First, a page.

My grandmother used to say ‘If there is no money in the pot there is no money in the pot’ – how stating the obvious can give us a stark reality check at times.

Economic Downturn

So is there money in the pot? In this day and age there is less of the lavish but more of an emphasis on trying very hard to support people in a very tight economic situation.  This is compacted by the rise in workers’ wages and the strength of the pound decreased, this is no place for anyone who is not serious in supporting people.

The state of health care and adult social care in England 2015/16 published this month by CQC mentions finance 59 times throughout its pages.  The key facts read that growth has stopped in Nursing home beds with an increase of 33% in those aged 85 and over.  It goes on to say efficiencies are stretched with Market oversight emerging picture showing 60% overall costs being staffing for residential and 80% in homecare.

Quality and Finance – Inseparable Bedfellows?

Quality planning can help financial stability. You can limit future concerns by being clear from the start. Not for CQC but for yourself, people you care for and employees.

  • Before you start, Business Plan. Plan with enough detail to be confident yourself as to your trajectory and satisfy others.  How have you recorded and mitigated risks to the smooth running of your service? SCIE have resource to websites which can help you think through some of these questions.
  • Start small – do not bite off more than you can chew. If you are buying an existing venture, what assurances have you that staff will remain? Do you have all of the information to make an informed financial choice?
  • Make sure you have the necessary insurances to cover the business.
  • Enter a mentoring scheme to help you if finance is not your first love or outsource to a financial institution who understand the health and social care market and can ask you the questions you need to answer.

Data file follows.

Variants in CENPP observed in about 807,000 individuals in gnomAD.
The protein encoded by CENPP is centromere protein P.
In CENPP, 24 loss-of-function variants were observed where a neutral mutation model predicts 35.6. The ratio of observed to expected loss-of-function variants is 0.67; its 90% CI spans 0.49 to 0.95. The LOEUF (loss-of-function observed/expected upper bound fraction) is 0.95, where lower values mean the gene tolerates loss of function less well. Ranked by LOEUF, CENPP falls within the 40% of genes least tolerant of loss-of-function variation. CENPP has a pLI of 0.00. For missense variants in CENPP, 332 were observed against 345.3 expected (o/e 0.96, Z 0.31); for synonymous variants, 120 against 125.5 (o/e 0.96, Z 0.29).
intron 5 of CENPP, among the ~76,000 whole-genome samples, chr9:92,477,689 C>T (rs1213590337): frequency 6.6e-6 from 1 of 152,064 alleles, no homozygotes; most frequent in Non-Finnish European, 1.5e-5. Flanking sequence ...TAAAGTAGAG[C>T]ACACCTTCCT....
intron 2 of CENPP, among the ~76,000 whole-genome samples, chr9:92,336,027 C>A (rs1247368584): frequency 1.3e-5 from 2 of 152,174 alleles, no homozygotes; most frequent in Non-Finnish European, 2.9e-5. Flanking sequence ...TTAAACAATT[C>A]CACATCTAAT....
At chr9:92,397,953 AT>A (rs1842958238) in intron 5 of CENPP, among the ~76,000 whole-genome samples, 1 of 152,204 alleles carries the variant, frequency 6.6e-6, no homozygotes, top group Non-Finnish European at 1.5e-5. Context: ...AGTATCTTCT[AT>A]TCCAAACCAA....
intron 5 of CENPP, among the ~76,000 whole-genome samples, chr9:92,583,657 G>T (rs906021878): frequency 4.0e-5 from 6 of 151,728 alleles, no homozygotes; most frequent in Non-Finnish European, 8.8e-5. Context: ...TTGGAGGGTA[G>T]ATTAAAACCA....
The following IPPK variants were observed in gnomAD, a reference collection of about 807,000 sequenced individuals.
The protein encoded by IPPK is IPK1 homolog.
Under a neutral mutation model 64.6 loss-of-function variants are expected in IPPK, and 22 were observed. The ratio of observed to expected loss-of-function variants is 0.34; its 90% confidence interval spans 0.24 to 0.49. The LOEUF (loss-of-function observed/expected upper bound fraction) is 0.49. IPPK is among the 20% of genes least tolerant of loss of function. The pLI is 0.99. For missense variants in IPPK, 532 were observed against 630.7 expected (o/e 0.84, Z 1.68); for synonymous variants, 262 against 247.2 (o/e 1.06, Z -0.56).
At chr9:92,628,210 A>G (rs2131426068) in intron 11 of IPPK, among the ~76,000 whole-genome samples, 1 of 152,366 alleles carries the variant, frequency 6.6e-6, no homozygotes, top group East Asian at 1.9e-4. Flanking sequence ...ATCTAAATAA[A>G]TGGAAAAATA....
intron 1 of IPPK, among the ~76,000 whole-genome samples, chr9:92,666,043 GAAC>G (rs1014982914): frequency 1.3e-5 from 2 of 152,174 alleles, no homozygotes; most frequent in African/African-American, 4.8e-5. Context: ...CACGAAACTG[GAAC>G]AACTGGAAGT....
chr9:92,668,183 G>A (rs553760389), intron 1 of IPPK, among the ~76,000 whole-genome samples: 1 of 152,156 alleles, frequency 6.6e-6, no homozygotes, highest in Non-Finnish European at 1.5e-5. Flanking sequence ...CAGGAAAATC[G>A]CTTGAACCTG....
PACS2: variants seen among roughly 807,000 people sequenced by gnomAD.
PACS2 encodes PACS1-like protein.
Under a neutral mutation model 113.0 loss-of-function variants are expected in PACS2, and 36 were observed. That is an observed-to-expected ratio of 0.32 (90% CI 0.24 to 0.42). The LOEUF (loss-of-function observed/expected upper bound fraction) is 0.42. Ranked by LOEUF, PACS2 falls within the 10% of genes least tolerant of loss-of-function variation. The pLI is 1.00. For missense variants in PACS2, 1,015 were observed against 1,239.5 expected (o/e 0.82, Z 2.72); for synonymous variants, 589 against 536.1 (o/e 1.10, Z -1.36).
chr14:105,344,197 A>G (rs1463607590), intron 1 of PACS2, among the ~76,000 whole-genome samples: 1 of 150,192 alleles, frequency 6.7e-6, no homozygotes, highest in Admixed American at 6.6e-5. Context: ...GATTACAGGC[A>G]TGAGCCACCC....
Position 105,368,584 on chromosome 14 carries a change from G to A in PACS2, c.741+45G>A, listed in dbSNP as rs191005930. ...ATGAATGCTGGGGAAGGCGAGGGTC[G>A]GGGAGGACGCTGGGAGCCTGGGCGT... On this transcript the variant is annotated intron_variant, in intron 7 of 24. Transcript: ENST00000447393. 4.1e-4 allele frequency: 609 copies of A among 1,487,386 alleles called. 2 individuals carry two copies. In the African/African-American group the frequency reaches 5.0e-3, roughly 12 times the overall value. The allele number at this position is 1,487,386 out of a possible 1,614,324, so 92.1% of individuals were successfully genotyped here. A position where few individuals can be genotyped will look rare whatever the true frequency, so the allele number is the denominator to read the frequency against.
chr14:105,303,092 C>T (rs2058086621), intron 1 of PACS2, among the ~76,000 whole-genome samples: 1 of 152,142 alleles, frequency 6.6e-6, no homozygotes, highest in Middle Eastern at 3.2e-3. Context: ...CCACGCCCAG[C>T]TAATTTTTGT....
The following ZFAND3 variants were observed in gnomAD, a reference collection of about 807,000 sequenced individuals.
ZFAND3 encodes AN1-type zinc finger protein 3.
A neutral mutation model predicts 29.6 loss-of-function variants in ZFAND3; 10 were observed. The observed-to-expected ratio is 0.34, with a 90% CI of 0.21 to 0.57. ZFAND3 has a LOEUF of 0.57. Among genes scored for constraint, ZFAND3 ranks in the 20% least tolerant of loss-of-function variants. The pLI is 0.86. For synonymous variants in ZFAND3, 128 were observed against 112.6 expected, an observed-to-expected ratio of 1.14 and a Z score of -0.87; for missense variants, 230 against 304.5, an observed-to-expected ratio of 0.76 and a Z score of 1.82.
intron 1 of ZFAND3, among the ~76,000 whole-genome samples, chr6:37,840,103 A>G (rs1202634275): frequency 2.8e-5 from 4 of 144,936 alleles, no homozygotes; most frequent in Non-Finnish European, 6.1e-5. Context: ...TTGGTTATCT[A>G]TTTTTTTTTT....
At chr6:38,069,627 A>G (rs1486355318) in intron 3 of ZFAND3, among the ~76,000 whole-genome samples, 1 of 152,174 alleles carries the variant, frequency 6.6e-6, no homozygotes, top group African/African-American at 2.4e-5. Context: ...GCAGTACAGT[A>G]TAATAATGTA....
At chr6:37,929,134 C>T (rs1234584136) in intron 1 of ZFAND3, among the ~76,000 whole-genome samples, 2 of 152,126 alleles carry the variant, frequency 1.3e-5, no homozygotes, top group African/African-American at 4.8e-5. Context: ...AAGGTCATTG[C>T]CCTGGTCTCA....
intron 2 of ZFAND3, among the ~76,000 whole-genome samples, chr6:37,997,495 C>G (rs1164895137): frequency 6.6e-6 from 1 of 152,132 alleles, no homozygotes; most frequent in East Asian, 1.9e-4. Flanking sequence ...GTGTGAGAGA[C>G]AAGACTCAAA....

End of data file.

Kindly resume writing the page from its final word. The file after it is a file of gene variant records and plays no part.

• Invest in a good manager, a manager who shares your ethos will enforce it.
  • Any concerns about your source of income should be addressed. Make sure it is from a reputable source and reliable.

Talking finance is not easy.  I try to steer away, but it is a large and looming concern and one that can make or break.  I must go as I am being shouted at from the other room – My son wants to go for an ice cream.

‘You got money mum?’ he shouted….’I think so’ I said.

*All information is correct at the time of publishing. Use of this material is subject to your acceptance of our terms and conditions.

Abi Spence

Registration and Inspection Specialist

Abi has worked for and with Government agencies relevant to social care for the past 12+ years. Primarily with the Department of Health, Social Services Inspectorate, Commission for Social Care Inspection (CSCI) and since its inception the Care Quality Commission (CQC). As part of this long involvement Abi has developed a wide and detailed understanding of relevant issues and has worked closely with stakeholders such as people that use services, carers, providers, local government, the Department of Health, Ofsted and the Audit Commission. Read more